In a recent Forbes article, real estate investor turned newspaper owner, Sam Zell, discusses the "confidence crunch" that the country is currently involved in with Peter Linneman from the Wharton School:
"We're not really in a 'credit crunch.' I think we're in a 'confidence crunch,'" said Zell, funder of the Samuel Zell and Robert Lurie Real Estate Center at Wharton. "I would argue the excess liquidity that existed eight weeks ago still exists today. It has a different risk premium on it, but the actual amount of liquidity has not changed."
Zell said the slump should come as no surprise: "Over the last three years, people were flippant. They bought anything they wanted and were proud that they didn't do due diligence. I think they have all been chagrined and are scared out of their minds."Linneman noted that Zell is known by the nickname "the grave dancer." According to Zell, the term grew out of the headline of an article he wrote, describing his strategy of profiting from distressed real estate after the inevitable bursting of bubbles of investment enthusiasm. Zell said the article shows how he "was dancing on the skeletons of other people's mistakes."
Zell, however, also pointed out that the last sentence of the article reads: "He who dances closest to the graves, always has to be careful he doesn't fall in."
Real Estate correspondent, Diana Olick, from CNBC discusses the recent poll that 26% of US Homeowners fell that the value of their home has declined over the past year:
So why do 74% of American’s not get it? Look, I know I’m always whining on TV that all real estate is local, and we should be careful with these big national figures, because there are always exceptions in certain local markets. Seattle and Portland for example, are doing quite well, but even their price growth is slowing. When I look at the 20 largest cities in America, only five of them are in the positive year-over-year.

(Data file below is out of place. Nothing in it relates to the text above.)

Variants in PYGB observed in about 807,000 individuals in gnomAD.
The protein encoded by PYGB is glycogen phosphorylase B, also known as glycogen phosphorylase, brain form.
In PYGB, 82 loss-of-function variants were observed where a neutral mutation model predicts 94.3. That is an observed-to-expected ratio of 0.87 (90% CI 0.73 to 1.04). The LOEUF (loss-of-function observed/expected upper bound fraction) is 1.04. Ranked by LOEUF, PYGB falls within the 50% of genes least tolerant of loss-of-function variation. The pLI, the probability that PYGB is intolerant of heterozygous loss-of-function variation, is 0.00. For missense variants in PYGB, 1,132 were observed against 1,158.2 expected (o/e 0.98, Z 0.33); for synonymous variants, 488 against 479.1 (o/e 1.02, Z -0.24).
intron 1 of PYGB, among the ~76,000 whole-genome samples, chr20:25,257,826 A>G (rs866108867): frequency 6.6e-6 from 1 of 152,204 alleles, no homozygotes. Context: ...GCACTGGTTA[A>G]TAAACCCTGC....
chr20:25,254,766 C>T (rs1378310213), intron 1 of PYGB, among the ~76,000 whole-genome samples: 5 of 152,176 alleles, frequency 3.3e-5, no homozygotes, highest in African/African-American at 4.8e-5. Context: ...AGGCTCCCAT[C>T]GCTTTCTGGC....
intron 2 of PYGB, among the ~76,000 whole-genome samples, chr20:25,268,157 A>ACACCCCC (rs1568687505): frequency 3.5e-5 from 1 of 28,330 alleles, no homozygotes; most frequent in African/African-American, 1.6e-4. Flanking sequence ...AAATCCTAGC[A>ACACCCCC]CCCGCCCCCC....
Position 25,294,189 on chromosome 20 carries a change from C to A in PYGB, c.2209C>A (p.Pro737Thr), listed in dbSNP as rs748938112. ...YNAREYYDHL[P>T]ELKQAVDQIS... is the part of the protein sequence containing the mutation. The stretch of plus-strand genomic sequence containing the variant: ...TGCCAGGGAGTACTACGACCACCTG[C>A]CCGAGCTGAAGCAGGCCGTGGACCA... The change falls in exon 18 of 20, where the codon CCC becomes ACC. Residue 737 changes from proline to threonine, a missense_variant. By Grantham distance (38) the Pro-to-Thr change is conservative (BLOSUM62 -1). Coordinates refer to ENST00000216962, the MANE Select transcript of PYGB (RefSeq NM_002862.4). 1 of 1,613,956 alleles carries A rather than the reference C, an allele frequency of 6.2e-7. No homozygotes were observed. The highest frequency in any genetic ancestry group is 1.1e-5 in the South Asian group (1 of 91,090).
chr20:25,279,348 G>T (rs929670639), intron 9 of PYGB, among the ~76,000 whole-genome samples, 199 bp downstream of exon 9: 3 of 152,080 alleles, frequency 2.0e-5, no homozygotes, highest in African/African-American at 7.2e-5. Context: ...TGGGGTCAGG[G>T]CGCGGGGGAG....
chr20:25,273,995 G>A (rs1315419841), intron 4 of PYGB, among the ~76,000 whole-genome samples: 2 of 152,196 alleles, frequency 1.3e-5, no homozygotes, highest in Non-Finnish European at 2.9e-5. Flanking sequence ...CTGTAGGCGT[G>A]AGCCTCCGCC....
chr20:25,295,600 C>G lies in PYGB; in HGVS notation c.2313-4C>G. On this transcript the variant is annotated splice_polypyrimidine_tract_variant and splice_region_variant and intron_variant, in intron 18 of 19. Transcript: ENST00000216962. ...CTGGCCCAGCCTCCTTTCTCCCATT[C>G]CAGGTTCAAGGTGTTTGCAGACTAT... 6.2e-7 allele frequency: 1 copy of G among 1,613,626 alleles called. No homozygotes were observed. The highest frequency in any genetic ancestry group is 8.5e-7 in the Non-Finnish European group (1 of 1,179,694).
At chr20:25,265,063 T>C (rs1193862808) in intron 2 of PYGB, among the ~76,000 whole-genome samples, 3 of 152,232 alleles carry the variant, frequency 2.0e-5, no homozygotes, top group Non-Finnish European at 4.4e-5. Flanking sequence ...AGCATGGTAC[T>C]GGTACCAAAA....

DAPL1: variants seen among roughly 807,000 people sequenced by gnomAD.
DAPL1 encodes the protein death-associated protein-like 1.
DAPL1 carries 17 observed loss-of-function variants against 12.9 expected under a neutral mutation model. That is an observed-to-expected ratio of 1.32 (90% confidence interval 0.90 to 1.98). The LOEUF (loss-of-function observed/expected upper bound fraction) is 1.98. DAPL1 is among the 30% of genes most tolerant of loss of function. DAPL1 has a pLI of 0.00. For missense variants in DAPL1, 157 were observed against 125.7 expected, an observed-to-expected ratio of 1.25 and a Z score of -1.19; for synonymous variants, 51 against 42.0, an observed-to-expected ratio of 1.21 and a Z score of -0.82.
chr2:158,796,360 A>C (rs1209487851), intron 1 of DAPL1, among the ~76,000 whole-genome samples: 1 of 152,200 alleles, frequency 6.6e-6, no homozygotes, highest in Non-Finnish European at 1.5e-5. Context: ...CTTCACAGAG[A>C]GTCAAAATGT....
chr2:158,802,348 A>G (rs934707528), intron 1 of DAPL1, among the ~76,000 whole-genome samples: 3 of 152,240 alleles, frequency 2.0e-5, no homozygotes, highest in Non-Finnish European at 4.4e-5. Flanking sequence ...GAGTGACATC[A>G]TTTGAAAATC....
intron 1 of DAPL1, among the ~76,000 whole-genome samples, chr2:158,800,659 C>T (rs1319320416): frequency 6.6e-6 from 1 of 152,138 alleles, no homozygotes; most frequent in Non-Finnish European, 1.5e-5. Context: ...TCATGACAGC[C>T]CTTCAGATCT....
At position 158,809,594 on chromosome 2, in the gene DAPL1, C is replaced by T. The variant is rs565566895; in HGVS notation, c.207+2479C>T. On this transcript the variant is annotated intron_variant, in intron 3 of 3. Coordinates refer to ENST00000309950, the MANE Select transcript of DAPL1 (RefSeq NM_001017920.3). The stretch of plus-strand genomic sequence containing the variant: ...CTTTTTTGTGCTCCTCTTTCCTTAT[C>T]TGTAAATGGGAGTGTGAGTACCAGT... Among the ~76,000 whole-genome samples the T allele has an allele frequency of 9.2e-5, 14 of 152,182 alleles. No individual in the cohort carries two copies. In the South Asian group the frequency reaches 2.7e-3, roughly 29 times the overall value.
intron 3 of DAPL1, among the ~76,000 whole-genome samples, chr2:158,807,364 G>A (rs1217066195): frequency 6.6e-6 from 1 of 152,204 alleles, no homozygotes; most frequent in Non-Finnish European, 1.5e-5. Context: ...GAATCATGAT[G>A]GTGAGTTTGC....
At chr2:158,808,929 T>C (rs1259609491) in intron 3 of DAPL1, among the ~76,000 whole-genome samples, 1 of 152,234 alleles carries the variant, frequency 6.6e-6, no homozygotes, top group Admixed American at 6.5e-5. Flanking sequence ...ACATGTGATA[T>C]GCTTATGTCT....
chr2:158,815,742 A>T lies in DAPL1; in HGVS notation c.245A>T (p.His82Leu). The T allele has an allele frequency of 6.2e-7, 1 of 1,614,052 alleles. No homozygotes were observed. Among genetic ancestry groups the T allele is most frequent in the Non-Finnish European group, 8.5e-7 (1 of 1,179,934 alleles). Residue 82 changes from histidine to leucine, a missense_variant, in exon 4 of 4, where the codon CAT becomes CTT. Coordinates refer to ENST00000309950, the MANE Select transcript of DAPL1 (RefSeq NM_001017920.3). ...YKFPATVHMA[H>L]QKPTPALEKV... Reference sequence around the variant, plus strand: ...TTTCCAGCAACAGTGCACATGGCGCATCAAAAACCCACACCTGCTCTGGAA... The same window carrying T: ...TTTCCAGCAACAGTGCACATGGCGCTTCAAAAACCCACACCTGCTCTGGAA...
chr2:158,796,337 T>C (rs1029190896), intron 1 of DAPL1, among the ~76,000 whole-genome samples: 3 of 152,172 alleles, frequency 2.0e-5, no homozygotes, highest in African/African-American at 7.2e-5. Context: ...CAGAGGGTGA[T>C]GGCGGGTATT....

With all the trouble in the credit markets, continued adjustable-rate mortgage resets, and rising foreclosures, not to mention continued sky-high inventories, what exactly makes ¾ of Americans think they’re going to make big bucks on their homes this year??
Reuters reports that former Fed Chief Alan Greenspan spoke about the current US housing problems and feels that prices are due to fall further:
"So far, prices have dropped only slightly. But it was enough to cause alarm around the world," he said. "Prices are going to fall much lower yet."
"However, it is too early to answer the question about a recession. We simply don't know yet. It depends on how flexibly the economy can react," he said.
Greenspan said deregulation and the introduction of market economies in the former Communist bloc after the Berlin Wall fell in 1989 had caused a global boom and a worldwide reduction of interest rates, which both helped fuel the property bubble.
"There is no doubt about the fact that low interest rates for long-term government bonds have caused the real estate bubble in the United States," he said.
"The Federal Reserve began a series of interest rate increases in 2004. We were hoping to bring the speculative excesses in the real estate sector under control. We failed. We tried it again in 2005. Failure," he said.
"Nobody could do anything about it, neither us nor the European Central Bank. We were powerless," he said.